What knitting stitches to apply to that glorious skein of yarn that found you last weekend at your favorite store? If it’s a multicolored hand-painted beauty, that’s far from an idle question. Here’s a little collection of simple, small repeat patterns perfect for things like socks or mittens, where ginormous complicated patterns don’t fit well.
Just so we start from the same page, let’s assume your goals are like mine: avoiding obvious pooling, barber-polling, or striping of colors. If you were to knit a stockinette swatch from your fab new skein, it might look like this first photo. But there are so many other choices!
Slip Stitch or Slipped Stitch
There are many variations of slipped knitting stitch patterns, and this family of knitting stitches can be used in different ways to create multiple fabric layers or mosaic color patterns. In the case of variegated yarns, a slip stitch pattern is used to scramble the colors by displacing stitches across two or more rows of knitting.
Worked in the round, the pattern is:
Setup rnd: (DW1, K3) repeat.
Rnd 1 & 2: (Sl1, K3) repeat.
Rnd 3: (Sl1, K1, DW1, K1) repeat.
Rnd 4 & 5: (K2, Sl1, K1) repeat.
Rnd 6: (DW1, K1, Sl1, K1) repeat.
Where DW1 means “Double wrap 1 st” i.e., K the next st winding the yarn twice around the right needle. This st will be slipped purlwise for the next 3 rows. The DW provides the necessary extra st height.
To modify this knitting stitch for a flat piece, just replace “K” with “P” in odd numbered rows after the Setup Row.
Basket Weave Knitting Stitches
Here again, there is a whole family of variations on basket weave stitches. Worked in a solid color yarn, it looks a lot more like basket weaving. Not that you’d guess it from its variegated cousins. Basket Weave knitting stitches alternate blocks of purl and knit stitches to add texture, cleverly breaking up stripes in the process. In this swatch, for example, you can see where pools of black might appear, but the reverse stockinette alternated with stockinette proper throw the lines of yarn off just enough to clear the pool (so to speak).
In this swatch, I’ve actually got two variations of basket weave stitch going on. Although the casual garment viewer probably wouldn’t figure that out, it adds to the pool- and stripe-foiling.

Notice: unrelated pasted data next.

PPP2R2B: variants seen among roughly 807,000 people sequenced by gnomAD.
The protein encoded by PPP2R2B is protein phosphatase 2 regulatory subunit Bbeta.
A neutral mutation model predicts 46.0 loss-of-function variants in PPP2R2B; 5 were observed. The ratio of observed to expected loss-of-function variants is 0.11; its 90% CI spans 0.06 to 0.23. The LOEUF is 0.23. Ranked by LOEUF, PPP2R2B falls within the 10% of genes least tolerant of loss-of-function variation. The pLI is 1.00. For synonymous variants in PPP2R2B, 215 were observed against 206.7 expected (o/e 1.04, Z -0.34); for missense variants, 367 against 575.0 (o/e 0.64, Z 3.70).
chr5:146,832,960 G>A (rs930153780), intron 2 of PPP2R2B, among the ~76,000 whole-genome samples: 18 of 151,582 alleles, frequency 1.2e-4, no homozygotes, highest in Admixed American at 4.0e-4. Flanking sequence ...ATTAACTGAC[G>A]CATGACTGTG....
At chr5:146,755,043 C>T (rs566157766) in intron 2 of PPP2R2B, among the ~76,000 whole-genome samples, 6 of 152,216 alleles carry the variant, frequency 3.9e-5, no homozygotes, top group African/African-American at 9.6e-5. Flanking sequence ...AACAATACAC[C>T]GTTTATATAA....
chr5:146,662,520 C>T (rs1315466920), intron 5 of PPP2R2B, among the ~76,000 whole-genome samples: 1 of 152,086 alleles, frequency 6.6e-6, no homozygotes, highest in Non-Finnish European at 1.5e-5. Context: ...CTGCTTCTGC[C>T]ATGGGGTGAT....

Here’s version A:
Rnd 1-4: (K2, P2) repeat.
Rnd 5-8: (P2, K2) repeat.
Version B is just shorter and squarer:
Rnd 1-2: (K2, P2) repeat.
Rnd 3-4: (P2, K2) repeat.
Again, to work this pattern flat, swap “K” for “P” in the even numbered rows.
If you’ve been reading prior posts, you’ve already seen this one, but here it is for the sake of completeness. Seed stitch is one of those delightfully mindless knitting stitches, and yet it can add just enough texture to compliment variegated yarn well. I was granddaughter to one of those famously always-knitting Midwestern grannies, and as she slid into increasing old age, she relied on seed stitch to get her through more and more knitting projects. I suppose, technically, seed stitch is really just basket weave stitch reduced to its purest form. Here are two versions of it.
Traditional Seed Stitch
This is the staid and predictable version. It appears in the swatch above the startlingly green dots.
Rnd 1: K1, P1
Rnd 2: P1, K1
Wash, rinse repeat!
Free Form Seed Stitch
This takes a little more attention to the needles. Follow the pattern above, but every time you come to stitches on your left-hand needle in some particular color (it doesn’t usually matter which one) either purl or knit them all. When you get to the end of those colored stitches, revert to your K1, P1. The point of using a color is to inject apparently random shifts in the texture. You really could use anything though. Every time a commercial comes on TV, purl 10 sts. Every time your toddler asks, “Why?”, purl 8 sts, etc.